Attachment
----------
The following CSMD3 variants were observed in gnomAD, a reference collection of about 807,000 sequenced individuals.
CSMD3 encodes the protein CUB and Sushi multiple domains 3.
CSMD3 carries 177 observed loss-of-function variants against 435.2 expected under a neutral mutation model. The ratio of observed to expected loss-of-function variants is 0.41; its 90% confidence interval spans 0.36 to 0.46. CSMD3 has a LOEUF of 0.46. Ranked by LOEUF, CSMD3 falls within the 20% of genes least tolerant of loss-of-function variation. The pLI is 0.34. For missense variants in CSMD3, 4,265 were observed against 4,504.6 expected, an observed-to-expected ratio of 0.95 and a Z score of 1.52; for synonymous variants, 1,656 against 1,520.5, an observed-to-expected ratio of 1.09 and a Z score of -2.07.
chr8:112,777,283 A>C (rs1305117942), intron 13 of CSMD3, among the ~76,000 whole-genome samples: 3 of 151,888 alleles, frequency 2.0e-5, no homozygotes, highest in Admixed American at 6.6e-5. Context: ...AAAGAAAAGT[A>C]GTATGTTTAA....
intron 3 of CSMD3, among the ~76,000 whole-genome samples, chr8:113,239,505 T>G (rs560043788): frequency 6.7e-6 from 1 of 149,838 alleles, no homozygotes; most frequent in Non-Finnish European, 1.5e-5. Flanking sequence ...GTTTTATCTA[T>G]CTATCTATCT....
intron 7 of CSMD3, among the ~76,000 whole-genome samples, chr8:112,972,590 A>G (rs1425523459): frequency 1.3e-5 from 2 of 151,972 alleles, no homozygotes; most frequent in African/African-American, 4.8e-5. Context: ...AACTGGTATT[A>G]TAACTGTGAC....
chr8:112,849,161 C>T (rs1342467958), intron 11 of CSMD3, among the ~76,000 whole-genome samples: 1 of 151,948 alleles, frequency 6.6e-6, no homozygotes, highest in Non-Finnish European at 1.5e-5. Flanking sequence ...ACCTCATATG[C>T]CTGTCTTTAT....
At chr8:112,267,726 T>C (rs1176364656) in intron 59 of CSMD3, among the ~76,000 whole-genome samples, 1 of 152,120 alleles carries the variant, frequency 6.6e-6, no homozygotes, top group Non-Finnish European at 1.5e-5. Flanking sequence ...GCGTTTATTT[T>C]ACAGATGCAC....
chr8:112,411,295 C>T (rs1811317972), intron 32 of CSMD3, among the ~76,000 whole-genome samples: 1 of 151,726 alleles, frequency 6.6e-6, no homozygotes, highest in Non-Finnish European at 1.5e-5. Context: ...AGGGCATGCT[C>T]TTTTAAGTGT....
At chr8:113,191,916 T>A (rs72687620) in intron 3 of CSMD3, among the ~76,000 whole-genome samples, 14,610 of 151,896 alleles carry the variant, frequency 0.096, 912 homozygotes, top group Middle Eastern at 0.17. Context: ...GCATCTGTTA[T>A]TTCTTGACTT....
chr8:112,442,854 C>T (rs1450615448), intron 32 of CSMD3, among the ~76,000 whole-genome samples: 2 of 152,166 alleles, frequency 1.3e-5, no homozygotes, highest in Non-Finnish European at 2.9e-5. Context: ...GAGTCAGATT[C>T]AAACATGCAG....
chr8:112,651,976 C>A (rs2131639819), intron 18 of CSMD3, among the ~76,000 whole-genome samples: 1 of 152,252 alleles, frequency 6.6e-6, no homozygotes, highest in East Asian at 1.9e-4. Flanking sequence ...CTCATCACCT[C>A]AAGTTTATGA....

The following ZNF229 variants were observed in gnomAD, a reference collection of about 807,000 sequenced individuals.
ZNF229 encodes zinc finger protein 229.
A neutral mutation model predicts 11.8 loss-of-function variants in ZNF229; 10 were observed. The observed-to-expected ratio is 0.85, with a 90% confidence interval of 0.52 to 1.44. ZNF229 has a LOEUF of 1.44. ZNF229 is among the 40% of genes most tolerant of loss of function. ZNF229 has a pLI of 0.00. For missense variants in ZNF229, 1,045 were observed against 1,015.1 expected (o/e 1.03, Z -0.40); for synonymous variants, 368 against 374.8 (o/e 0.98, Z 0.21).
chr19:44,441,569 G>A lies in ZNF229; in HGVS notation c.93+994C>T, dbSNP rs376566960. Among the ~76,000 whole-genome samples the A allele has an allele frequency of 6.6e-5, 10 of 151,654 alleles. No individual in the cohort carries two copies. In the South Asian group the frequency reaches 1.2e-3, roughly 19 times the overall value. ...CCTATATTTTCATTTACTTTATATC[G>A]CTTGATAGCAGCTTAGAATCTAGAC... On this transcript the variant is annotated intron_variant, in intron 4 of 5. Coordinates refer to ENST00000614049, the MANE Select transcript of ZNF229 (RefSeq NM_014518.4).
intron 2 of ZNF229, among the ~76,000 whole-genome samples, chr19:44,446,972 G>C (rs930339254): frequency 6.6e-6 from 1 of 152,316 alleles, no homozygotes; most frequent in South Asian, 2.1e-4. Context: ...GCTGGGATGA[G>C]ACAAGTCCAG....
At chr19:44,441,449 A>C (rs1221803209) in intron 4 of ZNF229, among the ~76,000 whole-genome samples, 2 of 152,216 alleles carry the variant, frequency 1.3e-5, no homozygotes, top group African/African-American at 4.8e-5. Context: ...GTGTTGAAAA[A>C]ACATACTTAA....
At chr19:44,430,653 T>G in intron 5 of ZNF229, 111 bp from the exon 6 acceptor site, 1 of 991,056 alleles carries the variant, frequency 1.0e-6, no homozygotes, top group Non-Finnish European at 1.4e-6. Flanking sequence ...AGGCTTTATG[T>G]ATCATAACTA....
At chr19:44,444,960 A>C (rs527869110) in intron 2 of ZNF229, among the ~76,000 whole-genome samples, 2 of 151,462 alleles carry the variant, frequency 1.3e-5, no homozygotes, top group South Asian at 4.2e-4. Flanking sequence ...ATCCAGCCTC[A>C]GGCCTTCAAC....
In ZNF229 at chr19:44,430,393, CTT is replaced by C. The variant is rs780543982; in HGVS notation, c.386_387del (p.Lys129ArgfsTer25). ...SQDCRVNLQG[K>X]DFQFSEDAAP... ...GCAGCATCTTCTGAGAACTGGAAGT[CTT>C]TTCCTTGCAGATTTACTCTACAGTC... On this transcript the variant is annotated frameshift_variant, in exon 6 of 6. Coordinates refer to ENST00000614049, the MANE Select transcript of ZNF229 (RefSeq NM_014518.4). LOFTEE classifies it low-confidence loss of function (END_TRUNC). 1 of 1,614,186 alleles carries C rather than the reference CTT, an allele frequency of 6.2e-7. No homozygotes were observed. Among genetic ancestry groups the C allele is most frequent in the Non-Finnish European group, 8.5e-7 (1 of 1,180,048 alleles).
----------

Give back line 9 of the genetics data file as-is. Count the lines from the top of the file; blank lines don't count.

chr8:112,411,295 C>T (rs1811317972), intron 32 of CSMD3, among the ~76,000 whole-genome samples: 1 of 151,726 alleles, frequency 6.6e-6, no homozygotes, highest in Non-Finnish European at 1.5e-5. Context: ...AGGGCATGCT[C>T]TTTTAAGTGT....